On Friday afternoon, we played with our new water beads. They arrived on Thursday and I soaked three packs overnight in two plastic tubs of water – red in the red tub, pink in the pink tub, and clear beads split between the two tubs. I had been going to add food colouring until I remembered we didn’t have any, so instead I added some peppermint essence which made the water smell lovely. I also made peppermint-scented ice cubes (hearts and fish.) When we were ready to play, I put the tubs with the water beads on to the Tuff Spot which was out in the garden, and the children helped me to add the ice cubes. They spent a little while exploring the textures of the beads and the ice in the tubs, before deciding to tip them all into the Tuff Spot. This made it easier for all four children to play with them at once. Tiddler spent quite a long time concentrating on carefully placing the water beads in the empty fish ice cube tray, and Rabbit did the same thing with the heart tray. Monkey was wearing his new tool belt, so used his hammer to explore and play with the beads. Luckily, he did this very gently as it is a real hammer. Tiddler then went to get his toy hammer and bashed the ice and beads as hard as he could! Owl made a picture of a helicopter by placing the beads on the studs of a Lego Duplo base board. After a while, Rabbit and Tiddler couldn’t resist getting into the Tuff Spot so I added quite a lot more (warm) water and this extended the play for a while longer. I enjoyed watching them play, some of the time together and some of the time alongside each other, and I think they all found it quite absorbing and calming. It’s a good addition to our water (and ice) play, which we do quite a lot, and I’m sure we’ll be getting the water beads out again very soon.
On Wednesday evening I read this post about an amazing mother’s creative plans for Valentine’s day play with her toddler twins, even while her heart is breaking for the loss of her baby daughter less than two weeks ago. If she can do it, then I have no excuse, so yesterday morning I made some ice cubes with red food colouring in the water, ready for some messy play in the afternoon. I couldn’t find my heart ice cube moulds, so it wasn’t quite as Valentine-themed as it might have been, but I don’t think the children minded having Hello Kitty, Lego and star ice cubes instead.
In the afternoon, we found some sparkly bits in our craft stash and put them in a large plastic crate with some water. (We are going to do it again this afternoon, this time with the sparkles frozen in the ice cubes which I think will be even more fun.) The children enjoyed pouring the water into the crate and then ran to get some bath toys (first just one boat, and later some more boats and a dolphin) to put in before adding the ice cubes and watching them melt and turn the water red.
There was lots of tipping and splashing and stirring, and a certain amount of inevitable ice cube eating. They loved playing with all the different shaped ice cubes, and also enjoyed the patterns left on the plate that was under the star ice cube tray in the freezer.
They were having so much fun that when the ice had all melted they wanted more, so I found some extra plain ice cubes in the freezer. And then Rabbit started rummaging in the freezer, looking for anything else she could put in, which is where it got a bit random. I let her put some frozen green beans in, which made her and Tiddler very happy, and they started eating them too. Rabbit still wanted more, so I let her put some raisins in, which they happily played with, fished out and ate. I was a little bit worried about them accidentally eating the sparkly bits though, so I think I’ll lay the ground rules today, and no food will be going in. And then another day, we might do it with everything edible, but not a mixture of both!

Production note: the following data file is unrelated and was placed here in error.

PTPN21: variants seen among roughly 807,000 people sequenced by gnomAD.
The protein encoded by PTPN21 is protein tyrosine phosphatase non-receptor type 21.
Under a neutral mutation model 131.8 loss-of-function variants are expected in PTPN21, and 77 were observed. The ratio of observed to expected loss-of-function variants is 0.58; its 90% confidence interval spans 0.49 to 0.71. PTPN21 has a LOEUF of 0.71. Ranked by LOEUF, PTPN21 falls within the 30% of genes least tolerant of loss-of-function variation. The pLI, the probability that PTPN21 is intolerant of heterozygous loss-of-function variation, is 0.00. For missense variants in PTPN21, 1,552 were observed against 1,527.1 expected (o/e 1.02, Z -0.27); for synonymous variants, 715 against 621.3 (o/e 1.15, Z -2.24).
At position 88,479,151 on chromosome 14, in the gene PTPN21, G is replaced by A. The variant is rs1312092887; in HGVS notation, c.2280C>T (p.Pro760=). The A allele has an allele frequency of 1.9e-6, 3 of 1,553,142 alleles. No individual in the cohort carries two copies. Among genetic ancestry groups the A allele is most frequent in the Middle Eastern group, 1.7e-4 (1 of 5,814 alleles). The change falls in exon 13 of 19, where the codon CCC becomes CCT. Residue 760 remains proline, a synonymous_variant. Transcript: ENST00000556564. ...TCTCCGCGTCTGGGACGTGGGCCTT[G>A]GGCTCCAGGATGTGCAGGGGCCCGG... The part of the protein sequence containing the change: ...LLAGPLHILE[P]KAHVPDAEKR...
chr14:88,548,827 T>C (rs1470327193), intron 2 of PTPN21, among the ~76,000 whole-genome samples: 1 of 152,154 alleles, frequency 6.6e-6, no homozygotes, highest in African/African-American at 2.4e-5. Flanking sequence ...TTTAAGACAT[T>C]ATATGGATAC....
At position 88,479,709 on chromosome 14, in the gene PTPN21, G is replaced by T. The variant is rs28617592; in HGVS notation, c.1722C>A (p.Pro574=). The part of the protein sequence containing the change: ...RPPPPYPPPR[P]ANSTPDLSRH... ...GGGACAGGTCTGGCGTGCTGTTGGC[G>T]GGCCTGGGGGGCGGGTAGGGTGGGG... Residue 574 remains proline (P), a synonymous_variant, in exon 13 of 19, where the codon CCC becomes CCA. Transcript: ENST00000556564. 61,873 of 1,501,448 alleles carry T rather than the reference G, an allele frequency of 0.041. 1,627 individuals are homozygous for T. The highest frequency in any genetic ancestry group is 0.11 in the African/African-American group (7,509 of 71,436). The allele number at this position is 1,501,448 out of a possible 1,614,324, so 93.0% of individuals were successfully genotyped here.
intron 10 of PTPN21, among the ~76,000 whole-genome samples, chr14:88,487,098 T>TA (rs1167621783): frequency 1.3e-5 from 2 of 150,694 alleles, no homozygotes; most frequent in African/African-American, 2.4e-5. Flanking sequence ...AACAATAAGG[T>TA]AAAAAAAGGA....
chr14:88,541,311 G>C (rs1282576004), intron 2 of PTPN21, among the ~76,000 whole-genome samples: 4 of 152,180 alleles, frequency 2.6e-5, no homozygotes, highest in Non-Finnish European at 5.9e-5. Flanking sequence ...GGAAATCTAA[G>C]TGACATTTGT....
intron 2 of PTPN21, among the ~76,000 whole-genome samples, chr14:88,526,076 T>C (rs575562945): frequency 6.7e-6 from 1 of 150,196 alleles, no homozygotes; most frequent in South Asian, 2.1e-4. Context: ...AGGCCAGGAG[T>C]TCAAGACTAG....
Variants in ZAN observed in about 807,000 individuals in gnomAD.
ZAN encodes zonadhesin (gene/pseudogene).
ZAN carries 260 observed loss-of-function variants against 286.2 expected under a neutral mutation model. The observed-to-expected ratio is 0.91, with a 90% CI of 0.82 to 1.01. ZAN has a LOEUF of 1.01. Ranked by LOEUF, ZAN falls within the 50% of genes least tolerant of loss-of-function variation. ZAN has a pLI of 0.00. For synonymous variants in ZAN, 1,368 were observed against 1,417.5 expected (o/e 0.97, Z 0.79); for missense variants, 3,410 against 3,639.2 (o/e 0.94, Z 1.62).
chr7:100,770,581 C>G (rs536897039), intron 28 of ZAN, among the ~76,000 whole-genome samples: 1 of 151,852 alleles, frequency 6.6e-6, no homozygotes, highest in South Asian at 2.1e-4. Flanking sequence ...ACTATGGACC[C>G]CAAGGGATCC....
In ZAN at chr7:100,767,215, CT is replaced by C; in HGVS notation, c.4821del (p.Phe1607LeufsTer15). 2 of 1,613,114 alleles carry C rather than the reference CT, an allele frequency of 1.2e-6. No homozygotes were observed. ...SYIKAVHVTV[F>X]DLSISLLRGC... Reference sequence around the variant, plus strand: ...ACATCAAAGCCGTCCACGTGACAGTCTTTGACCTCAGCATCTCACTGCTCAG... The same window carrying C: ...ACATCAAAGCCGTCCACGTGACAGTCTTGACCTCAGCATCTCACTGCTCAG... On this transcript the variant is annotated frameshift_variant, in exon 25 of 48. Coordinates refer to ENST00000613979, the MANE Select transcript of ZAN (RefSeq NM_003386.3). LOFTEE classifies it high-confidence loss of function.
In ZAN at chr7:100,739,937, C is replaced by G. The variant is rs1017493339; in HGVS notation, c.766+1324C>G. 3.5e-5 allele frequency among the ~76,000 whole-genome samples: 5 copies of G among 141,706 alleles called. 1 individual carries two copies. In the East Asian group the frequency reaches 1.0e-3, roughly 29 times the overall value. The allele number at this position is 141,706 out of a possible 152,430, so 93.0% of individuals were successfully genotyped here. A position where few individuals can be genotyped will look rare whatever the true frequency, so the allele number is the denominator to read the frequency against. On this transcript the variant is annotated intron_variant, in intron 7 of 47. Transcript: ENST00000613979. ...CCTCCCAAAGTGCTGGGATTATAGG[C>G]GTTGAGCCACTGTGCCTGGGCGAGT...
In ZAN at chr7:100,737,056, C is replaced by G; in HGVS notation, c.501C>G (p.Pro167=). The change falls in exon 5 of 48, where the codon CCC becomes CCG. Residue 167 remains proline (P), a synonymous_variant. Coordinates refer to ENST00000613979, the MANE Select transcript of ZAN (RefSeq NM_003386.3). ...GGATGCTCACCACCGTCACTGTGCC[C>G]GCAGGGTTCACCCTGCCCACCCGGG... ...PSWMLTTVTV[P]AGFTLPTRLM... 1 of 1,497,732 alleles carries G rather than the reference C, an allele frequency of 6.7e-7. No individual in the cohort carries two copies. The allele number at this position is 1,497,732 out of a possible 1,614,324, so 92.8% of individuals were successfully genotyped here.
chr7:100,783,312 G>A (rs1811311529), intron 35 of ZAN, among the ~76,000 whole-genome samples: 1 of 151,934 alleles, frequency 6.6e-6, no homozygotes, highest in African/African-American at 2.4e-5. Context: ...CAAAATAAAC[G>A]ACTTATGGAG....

So that’s how to do Valentine’s day sensory play in a completely haphazard and random way. If you want a more sensible, organised version, read Jennie’s account of her twins enjoying their ice and water play, and even getting in and having a paddle. Although the same activity developed in different ways, in both cases it was good old messy child-led fun. Thank you Jennie for the inspiration.
Yes, I know it was a long time ago… I was hoping to get away with it by waiting for it to snow again, and then sneaking this blogpost in so it wouldn’t look out of place, but that doesn’t look like it’s going to happen. So, I’m just going to publish it now anyway. This is what we did when it snowed!
We found ice in the garden, brought it into the house and investigated it. We discovered a beetle frozen in a block of ice, and melted the ice to get the beetle out.
We touched the ice to see what it felt like and looked at the different shaped pieces. The circle of ice came from inside a bucket. We found different ways to melt the ice, leaving it at room temperature, using the heat of our hands, placing it in cold, warm or hot water, and putting salt on it. Salt was really good for breaking a thick piece of ice quickly. We put a line of salt across the middle and that weakened it enough so we could break it with our hands.
We experimented with a variety of tools to break the ice. The hammer was the most fun!
We played in the garden. We made snow angels, threw snowballs, made a snowman and pulled each other on the sledge.
Some of us couldn’t resist eating the ice and snow from the garden, so we made some Lego ice cubes with clean water to play with and eat!